There can be a variety of effects with this use, although the extent of it may be difficult to determine. In many cases, it should allow companies to enhance the work they have done with single physics domains.
During the research and development phase of any product, its production is often the most expensive area. There have been several ways that the industry has been looking to reduce this, with 3D printing becoming one of the most common.
Alongside the cost reduction that’s seen with 3D printers, companies can see significantly less time being spent on the R&D phase. By doing so, firms will be able to reduce the time it takes to design a product and release it to the market.
10 Key Aerospace Industry Statistics
Many of the trends that have been facing the aerospace industry have made themselves evident in a variety of statistics. This has meant that there are a few that every company in the sphere should know.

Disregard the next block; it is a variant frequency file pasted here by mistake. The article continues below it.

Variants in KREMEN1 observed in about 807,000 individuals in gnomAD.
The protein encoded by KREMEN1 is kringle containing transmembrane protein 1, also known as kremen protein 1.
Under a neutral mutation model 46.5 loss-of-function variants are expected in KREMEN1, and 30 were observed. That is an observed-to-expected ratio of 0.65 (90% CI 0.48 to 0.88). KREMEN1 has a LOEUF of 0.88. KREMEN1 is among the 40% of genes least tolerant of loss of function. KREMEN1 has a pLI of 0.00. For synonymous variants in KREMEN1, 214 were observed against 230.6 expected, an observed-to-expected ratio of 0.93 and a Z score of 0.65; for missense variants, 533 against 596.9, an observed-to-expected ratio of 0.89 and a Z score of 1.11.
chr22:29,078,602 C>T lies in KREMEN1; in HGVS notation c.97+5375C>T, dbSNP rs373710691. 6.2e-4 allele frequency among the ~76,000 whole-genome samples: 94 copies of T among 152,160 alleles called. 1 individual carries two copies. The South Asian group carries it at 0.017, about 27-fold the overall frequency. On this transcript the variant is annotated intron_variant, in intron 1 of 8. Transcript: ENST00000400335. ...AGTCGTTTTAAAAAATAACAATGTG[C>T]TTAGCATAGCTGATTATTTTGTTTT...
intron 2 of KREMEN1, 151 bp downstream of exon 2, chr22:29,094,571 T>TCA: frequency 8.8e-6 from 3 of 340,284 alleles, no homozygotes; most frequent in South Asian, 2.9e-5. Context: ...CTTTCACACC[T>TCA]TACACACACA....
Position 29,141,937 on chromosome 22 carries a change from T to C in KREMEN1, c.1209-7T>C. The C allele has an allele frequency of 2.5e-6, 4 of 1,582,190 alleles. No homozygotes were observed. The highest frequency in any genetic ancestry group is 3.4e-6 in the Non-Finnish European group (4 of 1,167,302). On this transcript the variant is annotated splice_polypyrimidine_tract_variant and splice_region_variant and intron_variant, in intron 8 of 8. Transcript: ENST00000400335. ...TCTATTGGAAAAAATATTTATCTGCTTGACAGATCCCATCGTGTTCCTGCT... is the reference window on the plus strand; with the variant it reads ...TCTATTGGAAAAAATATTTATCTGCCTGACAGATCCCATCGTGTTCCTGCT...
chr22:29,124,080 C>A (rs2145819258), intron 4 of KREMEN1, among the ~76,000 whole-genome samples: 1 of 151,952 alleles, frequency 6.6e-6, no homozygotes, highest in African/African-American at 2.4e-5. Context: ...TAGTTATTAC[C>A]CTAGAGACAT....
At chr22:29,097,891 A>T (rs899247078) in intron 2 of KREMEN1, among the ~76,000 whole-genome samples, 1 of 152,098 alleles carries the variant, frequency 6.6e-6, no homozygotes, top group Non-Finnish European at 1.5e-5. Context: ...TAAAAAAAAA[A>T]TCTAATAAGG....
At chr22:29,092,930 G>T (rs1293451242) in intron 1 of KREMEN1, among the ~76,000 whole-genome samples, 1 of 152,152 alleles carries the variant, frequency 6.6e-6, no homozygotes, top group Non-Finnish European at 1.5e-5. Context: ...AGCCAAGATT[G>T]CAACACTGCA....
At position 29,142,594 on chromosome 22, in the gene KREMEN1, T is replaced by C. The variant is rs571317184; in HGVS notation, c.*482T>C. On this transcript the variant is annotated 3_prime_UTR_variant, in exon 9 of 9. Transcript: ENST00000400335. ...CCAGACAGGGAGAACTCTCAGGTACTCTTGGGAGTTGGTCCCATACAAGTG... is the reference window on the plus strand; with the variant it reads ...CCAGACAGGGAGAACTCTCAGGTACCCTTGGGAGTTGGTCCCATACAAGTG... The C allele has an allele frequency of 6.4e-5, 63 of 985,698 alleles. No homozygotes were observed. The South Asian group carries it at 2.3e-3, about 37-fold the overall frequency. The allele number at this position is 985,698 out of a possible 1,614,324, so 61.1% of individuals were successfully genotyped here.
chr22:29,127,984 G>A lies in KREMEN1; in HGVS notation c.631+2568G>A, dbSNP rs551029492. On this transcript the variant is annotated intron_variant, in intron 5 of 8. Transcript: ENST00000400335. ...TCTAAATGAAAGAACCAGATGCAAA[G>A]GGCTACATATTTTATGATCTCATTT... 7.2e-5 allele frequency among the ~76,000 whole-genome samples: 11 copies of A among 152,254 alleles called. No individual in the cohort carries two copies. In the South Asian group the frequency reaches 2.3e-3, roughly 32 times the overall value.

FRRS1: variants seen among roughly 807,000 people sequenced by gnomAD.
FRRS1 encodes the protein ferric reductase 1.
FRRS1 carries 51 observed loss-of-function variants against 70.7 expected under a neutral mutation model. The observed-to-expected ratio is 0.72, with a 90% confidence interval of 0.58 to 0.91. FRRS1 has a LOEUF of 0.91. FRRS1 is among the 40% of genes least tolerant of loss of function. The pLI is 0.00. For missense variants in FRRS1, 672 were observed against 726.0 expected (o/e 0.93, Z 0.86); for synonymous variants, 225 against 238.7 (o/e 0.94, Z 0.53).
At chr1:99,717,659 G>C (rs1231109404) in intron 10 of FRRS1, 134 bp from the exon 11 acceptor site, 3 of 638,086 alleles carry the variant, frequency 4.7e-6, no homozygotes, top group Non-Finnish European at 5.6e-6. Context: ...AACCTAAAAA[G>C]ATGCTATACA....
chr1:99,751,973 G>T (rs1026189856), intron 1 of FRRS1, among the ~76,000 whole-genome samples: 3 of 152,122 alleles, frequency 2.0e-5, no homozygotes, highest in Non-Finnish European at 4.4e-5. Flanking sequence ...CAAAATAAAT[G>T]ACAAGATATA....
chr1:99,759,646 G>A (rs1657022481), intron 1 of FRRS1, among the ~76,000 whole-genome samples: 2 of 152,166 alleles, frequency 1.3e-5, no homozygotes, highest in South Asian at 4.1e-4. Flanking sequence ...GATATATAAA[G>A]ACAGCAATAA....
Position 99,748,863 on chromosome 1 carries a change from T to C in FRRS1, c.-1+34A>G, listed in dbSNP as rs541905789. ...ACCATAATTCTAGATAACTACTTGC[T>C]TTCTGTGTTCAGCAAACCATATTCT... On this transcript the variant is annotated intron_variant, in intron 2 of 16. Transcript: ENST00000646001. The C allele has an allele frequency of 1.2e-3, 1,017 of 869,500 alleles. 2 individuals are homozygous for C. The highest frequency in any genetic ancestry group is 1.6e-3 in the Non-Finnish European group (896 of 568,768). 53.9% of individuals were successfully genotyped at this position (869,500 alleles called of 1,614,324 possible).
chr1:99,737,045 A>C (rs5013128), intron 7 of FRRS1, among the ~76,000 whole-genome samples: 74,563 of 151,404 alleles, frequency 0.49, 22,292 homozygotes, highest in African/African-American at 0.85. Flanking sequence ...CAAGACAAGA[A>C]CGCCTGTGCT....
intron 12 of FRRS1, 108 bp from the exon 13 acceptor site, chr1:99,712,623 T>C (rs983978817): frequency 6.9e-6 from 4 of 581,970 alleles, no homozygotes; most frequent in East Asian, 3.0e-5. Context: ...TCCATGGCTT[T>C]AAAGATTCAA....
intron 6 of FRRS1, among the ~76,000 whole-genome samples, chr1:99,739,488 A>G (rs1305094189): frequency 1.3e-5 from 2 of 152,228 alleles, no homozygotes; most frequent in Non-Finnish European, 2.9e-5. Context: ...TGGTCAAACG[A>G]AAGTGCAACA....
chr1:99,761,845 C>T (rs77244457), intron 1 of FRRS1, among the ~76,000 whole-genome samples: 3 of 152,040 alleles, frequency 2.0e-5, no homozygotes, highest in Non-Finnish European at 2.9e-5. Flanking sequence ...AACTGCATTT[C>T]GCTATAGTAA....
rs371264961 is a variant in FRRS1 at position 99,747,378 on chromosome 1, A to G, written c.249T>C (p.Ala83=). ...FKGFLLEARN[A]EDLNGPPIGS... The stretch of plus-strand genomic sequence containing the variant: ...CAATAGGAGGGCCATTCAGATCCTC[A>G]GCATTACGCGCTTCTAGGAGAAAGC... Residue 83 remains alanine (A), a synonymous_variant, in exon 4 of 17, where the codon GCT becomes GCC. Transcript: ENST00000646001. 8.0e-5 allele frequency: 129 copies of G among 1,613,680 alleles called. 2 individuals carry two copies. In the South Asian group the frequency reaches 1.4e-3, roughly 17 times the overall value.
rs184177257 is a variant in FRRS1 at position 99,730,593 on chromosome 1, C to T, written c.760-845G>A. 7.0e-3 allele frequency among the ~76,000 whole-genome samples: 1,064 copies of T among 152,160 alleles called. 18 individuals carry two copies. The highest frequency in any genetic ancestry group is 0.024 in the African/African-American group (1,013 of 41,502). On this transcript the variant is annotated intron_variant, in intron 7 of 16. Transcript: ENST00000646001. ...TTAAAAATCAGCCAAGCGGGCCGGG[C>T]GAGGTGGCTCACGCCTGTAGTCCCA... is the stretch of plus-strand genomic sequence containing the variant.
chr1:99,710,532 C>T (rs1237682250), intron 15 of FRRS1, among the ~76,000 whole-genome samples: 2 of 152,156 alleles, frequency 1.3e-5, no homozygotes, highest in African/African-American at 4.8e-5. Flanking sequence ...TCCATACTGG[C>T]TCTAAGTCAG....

- The United States Aerospace and Defense industry (A&D) employs 13% of the manufacturing workforce, about 2.4 million people as of 2016.
- The average salary in the aerospace industry is 44% above the national average.
- Exports in the industry continue to increase, having jumped 26% from 2012 to 2017.
- The A&D industry accounts for 9% of the United States’ exports.
- Five states account for 55.1% of exports; namely, Washington, California, Connecticut, Texas, and Florida.
- The industry is expected to grow an average of 5% through 2031.
- Spending on innovation remains relatively low as a percentage of sales, with this averaging 3.6% in the United States.
- The A&D niche accounted for 6.1% of all value added to the manufacturing industry.
- A&D was responsible for 5% of value added in 15 particular states, which subsequently accounted for 71% of the value it added to manufacturing in general.
- America holds the largest share of key players in the global aerospace market, with a share of 52%.
Data is vital to the success of a business in any niche. By focusing on the various trends that are affecting the aerospace industry, both small and large companies will be able to position themselves for the future. This can make or break any business, regardless of their size.
Thanks for reading "Trends That Will Transform The Aerospace Industry Outlook in 2020", by the Linchpin Team in Chicago, Raleigh, and Wake Forest.